And Jacob was left alone; and there wrestled a man with him until the breaking of the day (Gen. 32:24).
Left alone! What different sensations those words conjure up to each of us. To some they spell loneliness and desolation, to others rest and quiet. To be left alone without God would be too awful for words, but to be left alone with Him is a foretaste of heaven! If His followers spent more time alone with Him, we should have spiritual giants again.
The Master set us an example. Note how often He went to be alone with God; and He had a mighty purpose behind the command, “When thou prayest, enter into thy closet and when thou hast shut thy door, pray.” The greatest miracles of Elijah and Elisha took place when they were alone with God. It was alone with God that Jacob became a prince; and just there that we, too, may become princes—“men [aye, and women too!] wondered at” (Zech. 3:8). Joshua was alone when the Lord came to him. (Josh. 1:1). Gideon and Jephthah were by themselves when commissioned to save Israel (Judg. 6:11 and 11:29). Moses was by himself at the wilderness bush (Exod. 3:1–5). Cornelius was praying by himself when the angel came to him (Acts 10:2). No one was with Peter on the housetop when he was instructed to go to the Gentiles (Acts 10:9). John the Baptist was alone in the wilderness (Luke 1:80), and John the Beloved alone in Pat-mos, when nearest to God (Rev. 1:9).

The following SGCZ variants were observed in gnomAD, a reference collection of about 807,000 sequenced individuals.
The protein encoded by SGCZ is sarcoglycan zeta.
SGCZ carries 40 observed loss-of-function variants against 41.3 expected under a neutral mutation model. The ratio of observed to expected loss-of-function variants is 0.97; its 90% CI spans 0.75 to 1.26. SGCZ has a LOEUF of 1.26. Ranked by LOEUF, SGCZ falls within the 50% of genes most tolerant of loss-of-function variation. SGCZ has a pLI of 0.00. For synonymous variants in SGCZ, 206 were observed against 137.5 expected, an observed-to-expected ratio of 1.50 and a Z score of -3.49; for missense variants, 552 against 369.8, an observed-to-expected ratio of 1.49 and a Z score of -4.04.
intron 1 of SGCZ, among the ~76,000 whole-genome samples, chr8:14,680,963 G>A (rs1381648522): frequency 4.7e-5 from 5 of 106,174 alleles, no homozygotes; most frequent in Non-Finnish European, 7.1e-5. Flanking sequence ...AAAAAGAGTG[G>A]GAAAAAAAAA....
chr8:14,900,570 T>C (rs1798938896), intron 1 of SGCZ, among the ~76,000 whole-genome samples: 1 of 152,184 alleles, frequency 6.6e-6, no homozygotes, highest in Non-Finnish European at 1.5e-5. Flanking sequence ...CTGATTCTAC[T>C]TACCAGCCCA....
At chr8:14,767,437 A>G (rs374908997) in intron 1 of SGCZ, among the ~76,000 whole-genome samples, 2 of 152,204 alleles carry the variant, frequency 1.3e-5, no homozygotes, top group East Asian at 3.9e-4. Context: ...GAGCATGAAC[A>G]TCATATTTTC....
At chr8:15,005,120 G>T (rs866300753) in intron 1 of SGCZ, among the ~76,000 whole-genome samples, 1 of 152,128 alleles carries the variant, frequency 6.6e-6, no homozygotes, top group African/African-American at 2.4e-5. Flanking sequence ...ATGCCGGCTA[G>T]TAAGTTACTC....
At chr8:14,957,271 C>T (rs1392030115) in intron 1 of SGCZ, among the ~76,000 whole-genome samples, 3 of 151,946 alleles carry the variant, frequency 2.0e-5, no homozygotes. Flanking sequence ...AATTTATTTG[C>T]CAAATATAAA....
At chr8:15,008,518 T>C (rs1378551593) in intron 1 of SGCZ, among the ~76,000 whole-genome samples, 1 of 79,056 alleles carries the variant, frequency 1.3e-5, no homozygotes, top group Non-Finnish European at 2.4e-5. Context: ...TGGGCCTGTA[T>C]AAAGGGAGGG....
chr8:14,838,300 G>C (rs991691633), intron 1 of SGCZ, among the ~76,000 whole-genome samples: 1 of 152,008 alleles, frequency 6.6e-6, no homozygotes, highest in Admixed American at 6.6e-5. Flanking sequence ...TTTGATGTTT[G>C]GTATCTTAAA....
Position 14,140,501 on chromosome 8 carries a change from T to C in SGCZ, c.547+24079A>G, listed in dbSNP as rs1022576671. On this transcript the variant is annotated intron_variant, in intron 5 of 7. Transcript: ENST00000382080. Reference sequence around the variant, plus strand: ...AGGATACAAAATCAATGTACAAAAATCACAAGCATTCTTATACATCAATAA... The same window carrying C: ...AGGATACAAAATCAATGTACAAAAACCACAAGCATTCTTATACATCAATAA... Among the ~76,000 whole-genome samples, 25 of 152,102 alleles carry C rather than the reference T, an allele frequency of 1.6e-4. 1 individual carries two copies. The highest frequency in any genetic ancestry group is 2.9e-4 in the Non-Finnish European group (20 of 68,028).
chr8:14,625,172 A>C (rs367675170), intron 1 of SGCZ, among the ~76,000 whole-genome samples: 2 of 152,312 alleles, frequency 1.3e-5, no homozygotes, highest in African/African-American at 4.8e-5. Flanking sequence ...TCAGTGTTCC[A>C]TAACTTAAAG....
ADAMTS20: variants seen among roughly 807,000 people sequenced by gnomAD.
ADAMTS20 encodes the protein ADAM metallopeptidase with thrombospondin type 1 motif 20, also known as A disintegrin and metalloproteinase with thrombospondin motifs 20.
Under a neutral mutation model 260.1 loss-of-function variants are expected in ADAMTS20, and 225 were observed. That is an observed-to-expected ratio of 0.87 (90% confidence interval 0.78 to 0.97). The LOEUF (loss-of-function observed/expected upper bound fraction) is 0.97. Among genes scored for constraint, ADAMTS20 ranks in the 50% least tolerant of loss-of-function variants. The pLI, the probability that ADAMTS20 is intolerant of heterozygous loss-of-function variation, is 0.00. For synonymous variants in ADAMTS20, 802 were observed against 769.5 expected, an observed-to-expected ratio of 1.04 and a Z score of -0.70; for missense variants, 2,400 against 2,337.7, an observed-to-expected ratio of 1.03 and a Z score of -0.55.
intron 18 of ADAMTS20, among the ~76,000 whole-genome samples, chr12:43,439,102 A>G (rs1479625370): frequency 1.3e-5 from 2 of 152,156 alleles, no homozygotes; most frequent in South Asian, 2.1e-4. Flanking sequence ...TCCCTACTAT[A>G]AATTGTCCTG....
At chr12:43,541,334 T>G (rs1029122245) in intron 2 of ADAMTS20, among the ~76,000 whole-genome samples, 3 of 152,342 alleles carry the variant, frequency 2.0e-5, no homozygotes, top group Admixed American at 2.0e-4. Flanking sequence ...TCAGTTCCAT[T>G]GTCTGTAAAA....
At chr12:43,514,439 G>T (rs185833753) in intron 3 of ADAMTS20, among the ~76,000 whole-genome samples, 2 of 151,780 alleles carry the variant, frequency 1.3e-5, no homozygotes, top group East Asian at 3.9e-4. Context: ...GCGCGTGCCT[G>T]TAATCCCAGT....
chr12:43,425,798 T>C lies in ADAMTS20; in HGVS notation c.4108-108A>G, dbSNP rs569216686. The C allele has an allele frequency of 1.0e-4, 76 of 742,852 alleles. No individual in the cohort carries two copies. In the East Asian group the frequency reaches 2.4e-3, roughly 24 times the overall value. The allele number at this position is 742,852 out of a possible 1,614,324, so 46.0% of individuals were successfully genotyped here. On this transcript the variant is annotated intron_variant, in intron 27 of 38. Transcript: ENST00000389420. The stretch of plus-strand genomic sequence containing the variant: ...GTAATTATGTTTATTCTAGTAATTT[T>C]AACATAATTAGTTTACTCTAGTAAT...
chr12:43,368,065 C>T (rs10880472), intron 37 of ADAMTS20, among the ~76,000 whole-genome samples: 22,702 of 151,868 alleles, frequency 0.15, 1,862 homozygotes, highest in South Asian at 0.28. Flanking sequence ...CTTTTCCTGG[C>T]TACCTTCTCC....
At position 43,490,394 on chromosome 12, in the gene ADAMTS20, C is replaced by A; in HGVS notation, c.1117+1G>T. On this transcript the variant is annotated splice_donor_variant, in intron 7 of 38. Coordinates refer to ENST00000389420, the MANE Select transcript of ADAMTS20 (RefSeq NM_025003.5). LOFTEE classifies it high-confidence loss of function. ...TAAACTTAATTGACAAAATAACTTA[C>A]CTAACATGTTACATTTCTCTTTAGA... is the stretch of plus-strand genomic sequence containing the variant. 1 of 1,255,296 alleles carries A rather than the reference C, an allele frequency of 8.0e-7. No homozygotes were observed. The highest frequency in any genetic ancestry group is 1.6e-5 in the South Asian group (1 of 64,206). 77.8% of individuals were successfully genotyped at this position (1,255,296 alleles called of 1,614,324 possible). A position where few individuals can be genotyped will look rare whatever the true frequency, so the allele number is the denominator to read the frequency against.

Covet to get alone with God. If we neglect it, we not only rob ourselves, but others, too, of blessing, since when we are blessed we are able to pass on blessing to others. It may mean less outside work; it must mean more depth and power, and the consequence, too, will be “they saw no man save Jesus only.” To be alone with God in prayer cannot be overemphasized.
If chosen men had never been alone, In deepest silence open-doored to God, No greatness would ever have been dreamed or done.